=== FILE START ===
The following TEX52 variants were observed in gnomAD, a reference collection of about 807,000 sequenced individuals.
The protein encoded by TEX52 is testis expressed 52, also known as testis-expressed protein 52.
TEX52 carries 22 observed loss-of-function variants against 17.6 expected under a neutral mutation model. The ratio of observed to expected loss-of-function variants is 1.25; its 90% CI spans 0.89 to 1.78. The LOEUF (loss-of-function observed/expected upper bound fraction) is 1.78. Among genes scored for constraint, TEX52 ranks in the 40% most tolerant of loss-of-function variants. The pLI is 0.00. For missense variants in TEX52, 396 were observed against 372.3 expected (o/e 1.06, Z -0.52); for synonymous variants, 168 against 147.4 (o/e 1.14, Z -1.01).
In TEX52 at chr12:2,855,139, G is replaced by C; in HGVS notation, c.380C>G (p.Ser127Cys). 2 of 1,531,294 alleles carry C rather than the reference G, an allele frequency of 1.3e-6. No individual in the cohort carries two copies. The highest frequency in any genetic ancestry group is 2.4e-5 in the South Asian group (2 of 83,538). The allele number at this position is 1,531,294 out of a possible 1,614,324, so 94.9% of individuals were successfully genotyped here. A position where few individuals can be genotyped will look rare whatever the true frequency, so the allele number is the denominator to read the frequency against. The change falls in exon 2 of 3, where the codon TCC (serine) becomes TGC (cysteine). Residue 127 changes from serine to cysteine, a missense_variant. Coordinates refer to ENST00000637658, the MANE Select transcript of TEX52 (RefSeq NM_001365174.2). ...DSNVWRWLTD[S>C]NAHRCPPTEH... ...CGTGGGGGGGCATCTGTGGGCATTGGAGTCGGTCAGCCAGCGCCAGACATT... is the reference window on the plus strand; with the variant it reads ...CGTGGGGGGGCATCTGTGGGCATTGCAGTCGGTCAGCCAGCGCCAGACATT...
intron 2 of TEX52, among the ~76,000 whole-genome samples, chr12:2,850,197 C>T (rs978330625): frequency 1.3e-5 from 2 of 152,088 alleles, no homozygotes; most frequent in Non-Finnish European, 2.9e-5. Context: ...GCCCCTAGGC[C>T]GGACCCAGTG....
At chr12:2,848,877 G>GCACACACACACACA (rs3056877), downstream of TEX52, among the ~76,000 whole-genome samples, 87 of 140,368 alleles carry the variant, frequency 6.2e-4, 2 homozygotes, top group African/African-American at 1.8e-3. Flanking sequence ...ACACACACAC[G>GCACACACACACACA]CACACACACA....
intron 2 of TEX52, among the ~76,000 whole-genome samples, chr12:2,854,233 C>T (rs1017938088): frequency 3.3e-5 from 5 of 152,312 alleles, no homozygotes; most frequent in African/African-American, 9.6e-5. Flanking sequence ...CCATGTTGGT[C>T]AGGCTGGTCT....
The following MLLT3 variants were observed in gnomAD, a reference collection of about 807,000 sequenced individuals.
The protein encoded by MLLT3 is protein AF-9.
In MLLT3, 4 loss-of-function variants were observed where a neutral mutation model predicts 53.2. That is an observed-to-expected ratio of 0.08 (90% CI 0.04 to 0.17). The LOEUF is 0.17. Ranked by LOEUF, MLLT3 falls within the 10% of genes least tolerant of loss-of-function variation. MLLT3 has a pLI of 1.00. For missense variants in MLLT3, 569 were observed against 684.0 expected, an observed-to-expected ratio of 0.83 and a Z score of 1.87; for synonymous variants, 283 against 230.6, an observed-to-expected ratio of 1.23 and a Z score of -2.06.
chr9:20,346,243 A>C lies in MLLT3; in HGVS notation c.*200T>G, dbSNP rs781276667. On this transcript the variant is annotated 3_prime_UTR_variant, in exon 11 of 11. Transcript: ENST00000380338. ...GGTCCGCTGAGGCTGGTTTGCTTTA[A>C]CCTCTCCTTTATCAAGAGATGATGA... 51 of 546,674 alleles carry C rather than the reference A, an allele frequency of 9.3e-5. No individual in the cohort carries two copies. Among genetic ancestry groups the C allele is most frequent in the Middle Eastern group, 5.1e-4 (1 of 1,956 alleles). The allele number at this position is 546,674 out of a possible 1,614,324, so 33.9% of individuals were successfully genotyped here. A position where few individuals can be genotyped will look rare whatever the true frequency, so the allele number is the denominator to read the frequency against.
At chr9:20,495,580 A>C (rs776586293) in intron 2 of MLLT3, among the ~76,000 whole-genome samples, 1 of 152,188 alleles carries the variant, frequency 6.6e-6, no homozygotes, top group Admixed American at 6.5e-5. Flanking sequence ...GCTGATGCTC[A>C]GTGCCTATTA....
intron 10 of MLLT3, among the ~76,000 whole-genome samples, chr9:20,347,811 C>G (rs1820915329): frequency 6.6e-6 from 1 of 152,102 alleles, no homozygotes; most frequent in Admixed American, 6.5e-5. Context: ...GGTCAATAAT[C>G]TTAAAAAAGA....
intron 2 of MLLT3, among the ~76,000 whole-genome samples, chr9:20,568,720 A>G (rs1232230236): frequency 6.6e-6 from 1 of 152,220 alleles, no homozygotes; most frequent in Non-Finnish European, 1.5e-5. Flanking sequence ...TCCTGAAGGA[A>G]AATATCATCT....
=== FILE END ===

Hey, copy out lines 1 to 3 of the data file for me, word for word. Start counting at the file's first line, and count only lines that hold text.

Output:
The following TEX52 variants were observed in gnomAD, a reference collection of about 807,000 sequenced individuals.
The protein encoded by TEX52 is testis expressed 52, also known as testis-expressed protein 52.
TEX52 carries 22 observed loss-of-function variants against 17.6 expected under a neutral mutation model. The ratio of observed to expected loss-of-function variants is 1.25; its 90% CI spans 0.89 to 1.78. The LOEUF (loss-of-function observed/expected upper bound fraction) is 1.78. Among genes scored for constraint, TEX52 ranks in the 40% most tolerant of loss-of-function variants. The pLI is 0.00. For missense variants in TEX52, 396 were observed against 372.3 expected (o/e 1.06, Z -0.52); for synonymous variants, 168 against 147.4 (o/e 1.14, Z -1.01).